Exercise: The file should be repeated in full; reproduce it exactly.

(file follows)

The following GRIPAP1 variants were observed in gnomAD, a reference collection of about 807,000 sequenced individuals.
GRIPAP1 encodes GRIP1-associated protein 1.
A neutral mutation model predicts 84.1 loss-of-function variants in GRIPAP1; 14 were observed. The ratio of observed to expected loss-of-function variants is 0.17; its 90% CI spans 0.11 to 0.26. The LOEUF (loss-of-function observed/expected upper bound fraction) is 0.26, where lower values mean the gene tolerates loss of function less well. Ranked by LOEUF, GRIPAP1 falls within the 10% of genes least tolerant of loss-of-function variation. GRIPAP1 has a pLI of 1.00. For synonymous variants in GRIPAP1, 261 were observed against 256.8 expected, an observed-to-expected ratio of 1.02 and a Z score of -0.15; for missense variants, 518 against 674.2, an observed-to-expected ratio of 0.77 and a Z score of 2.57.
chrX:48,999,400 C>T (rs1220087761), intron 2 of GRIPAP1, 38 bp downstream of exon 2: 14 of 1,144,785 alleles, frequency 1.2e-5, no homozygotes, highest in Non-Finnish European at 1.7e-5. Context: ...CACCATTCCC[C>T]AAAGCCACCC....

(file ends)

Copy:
The following GRIPAP1 variants were observed in gnomAD, a reference collection of about 807,000 sequenced individuals.
GRIPAP1 encodes GRIP1-associated protein 1.
A neutral mutation model predicts 84.1 loss-of-function variants in GRIPAP1; 14 were observed. The ratio of observed to expected loss-of-function variants is 0.17; its 90% CI spans 0.11 to 0.26. The LOEUF (loss-of-function observed/expected upper bound fraction) is 0.26, where lower values mean the gene tolerates loss of function less well. Ranked by LOEUF, GRIPAP1 falls within the 10% of genes least tolerant of loss-of-function variation. GRIPAP1 has a pLI of 1.00. For synonymous variants in GRIPAP1, 261 were observed against 256.8 expected, an observed-to-expected ratio of 1.02 and a Z score of -0.15; for missense variants, 518 against 674.2, an observed-to-expected ratio of 0.77 and a Z score of 2.57.
chrX:48,999,400 C>T (rs1220087761), intron 2 of GRIPAP1, 38 bp downstream of exon 2: 14 of 1,144,785 alleles, frequency 1.2e-5, no homozygotes, highest in Non-Finnish European at 1.7e-5. Context: ...CACCATTCCC[C>T]AAAGCCACCC....